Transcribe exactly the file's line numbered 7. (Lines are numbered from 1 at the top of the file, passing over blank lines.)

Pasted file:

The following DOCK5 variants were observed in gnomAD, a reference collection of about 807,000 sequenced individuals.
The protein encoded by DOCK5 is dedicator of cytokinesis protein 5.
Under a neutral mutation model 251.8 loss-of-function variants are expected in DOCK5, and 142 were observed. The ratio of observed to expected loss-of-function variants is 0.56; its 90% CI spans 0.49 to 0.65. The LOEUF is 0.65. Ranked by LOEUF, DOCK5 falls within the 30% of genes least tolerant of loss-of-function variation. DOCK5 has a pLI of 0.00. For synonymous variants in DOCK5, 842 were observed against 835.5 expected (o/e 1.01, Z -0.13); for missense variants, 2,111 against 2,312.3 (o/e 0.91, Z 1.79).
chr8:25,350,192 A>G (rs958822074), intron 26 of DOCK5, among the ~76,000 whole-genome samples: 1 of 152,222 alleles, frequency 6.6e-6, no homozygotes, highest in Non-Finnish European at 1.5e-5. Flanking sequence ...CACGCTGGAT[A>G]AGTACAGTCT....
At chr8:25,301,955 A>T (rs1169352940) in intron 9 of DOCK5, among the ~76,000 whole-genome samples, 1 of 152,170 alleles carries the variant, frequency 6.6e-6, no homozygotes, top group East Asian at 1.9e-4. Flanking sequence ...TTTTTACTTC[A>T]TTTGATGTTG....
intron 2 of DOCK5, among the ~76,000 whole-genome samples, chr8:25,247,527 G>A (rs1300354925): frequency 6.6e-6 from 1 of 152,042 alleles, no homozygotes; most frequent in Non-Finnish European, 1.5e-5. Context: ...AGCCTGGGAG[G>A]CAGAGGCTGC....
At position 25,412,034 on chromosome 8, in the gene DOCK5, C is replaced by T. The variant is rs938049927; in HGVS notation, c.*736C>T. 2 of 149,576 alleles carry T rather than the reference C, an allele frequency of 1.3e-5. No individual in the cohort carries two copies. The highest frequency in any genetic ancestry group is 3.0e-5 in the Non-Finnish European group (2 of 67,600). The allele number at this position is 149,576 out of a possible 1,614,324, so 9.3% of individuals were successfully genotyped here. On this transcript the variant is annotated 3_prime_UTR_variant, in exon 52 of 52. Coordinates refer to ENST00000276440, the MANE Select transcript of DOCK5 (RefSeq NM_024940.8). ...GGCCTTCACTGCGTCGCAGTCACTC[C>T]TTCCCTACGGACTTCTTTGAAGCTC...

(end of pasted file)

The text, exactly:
At position 25,412,034 on chromosome 8, in the gene DOCK5, C is replaced by T. The variant is rs938049927; in HGVS notation, c.*736C>T. 2 of 149,576 alleles carry T rather than the reference C, an allele frequency of 1.3e-5. No individual in the cohort carries two copies. The highest frequency in any genetic ancestry group is 3.0e-5 in the Non-Finnish European group (2 of 67,600). The allele number at this position is 149,576 out of a possible 1,614,324, so 9.3% of individuals were successfully genotyped here. On this transcript the variant is annotated 3_prime_UTR_variant, in exon 52 of 52. Coordinates refer to ENST00000276440, the MANE Select transcript of DOCK5 (RefSeq NM_024940.8). ...GGCCTTCACTGCGTCGCAGTCACTC[C>T]TTCCCTACGGACTTCTTTGAAGCTC...